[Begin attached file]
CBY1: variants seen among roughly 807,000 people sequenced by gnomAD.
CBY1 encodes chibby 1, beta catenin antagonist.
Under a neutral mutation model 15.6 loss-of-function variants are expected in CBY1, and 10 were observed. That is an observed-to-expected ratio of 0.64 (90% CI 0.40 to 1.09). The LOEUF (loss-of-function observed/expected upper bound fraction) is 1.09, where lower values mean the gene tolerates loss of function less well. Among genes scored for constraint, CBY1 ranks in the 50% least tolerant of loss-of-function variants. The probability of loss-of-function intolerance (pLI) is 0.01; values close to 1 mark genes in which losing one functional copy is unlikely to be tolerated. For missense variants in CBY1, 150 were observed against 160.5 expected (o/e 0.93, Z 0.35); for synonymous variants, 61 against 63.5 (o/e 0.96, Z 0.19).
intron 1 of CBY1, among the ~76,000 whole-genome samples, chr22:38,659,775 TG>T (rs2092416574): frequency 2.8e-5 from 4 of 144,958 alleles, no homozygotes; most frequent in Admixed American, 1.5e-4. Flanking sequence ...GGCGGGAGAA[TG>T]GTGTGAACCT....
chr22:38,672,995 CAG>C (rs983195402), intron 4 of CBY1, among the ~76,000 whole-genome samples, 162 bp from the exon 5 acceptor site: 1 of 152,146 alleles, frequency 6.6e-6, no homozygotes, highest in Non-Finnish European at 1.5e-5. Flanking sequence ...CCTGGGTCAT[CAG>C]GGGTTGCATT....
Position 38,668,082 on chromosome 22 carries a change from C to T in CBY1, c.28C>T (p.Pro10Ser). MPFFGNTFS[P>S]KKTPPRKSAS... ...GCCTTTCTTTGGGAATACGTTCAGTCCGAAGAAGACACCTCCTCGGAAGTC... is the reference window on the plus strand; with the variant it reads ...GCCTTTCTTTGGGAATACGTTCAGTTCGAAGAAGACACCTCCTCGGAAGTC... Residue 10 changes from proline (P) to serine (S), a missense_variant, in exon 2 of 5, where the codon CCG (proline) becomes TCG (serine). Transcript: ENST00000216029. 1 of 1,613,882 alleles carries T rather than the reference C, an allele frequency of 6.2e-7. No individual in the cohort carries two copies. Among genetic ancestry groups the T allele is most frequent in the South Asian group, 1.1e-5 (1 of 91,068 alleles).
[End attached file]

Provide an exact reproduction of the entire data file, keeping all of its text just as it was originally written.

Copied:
CBY1: variants seen among roughly 807,000 people sequenced by gnomAD.
CBY1 encodes chibby 1, beta catenin antagonist.
Under a neutral mutation model 15.6 loss-of-function variants are expected in CBY1, and 10 were observed. That is an observed-to-expected ratio of 0.64 (90% CI 0.40 to 1.09). The LOEUF (loss-of-function observed/expected upper bound fraction) is 1.09, where lower values mean the gene tolerates loss of function less well. Among genes scored for constraint, CBY1 ranks in the 50% least tolerant of loss-of-function variants. The probability of loss-of-function intolerance (pLI) is 0.01; values close to 1 mark genes in which losing one functional copy is unlikely to be tolerated. For missense variants in CBY1, 150 were observed against 160.5 expected (o/e 0.93, Z 0.35); for synonymous variants, 61 against 63.5 (o/e 0.96, Z 0.19).
intron 1 of CBY1, among the ~76,000 whole-genome samples, chr22:38,659,775 TG>T (rs2092416574): frequency 2.8e-5 from 4 of 144,958 alleles, no homozygotes; most frequent in Admixed American, 1.5e-4. Flanking sequence ...GGCGGGAGAA[TG>T]GTGTGAACCT....
chr22:38,672,995 CAG>C (rs983195402), intron 4 of CBY1, among the ~76,000 whole-genome samples, 162 bp from the exon 5 acceptor site: 1 of 152,146 alleles, frequency 6.6e-6, no homozygotes, highest in Non-Finnish European at 1.5e-5. Flanking sequence ...CCTGGGTCAT[CAG>C]GGGTTGCATT....
Position 38,668,082 on chromosome 22 carries a change from C to T in CBY1, c.28C>T (p.Pro10Ser). MPFFGNTFS[P>S]KKTPPRKSAS... ...GCCTTTCTTTGGGAATACGTTCAGTCCGAAGAAGACACCTCCTCGGAAGTC... is the reference window on the plus strand; with the variant it reads ...GCCTTTCTTTGGGAATACGTTCAGTTCGAAGAAGACACCTCCTCGGAAGTC... Residue 10 changes from proline (P) to serine (S), a missense_variant, in exon 2 of 5, where the codon CCG (proline) becomes TCG (serine). Transcript: ENST00000216029. 1 of 1,613,882 alleles carries T rather than the reference C, an allele frequency of 6.2e-7. No individual in the cohort carries two copies. Among genetic ancestry groups the T allele is most frequent in the South Asian group, 1.1e-5 (1 of 91,068 alleles).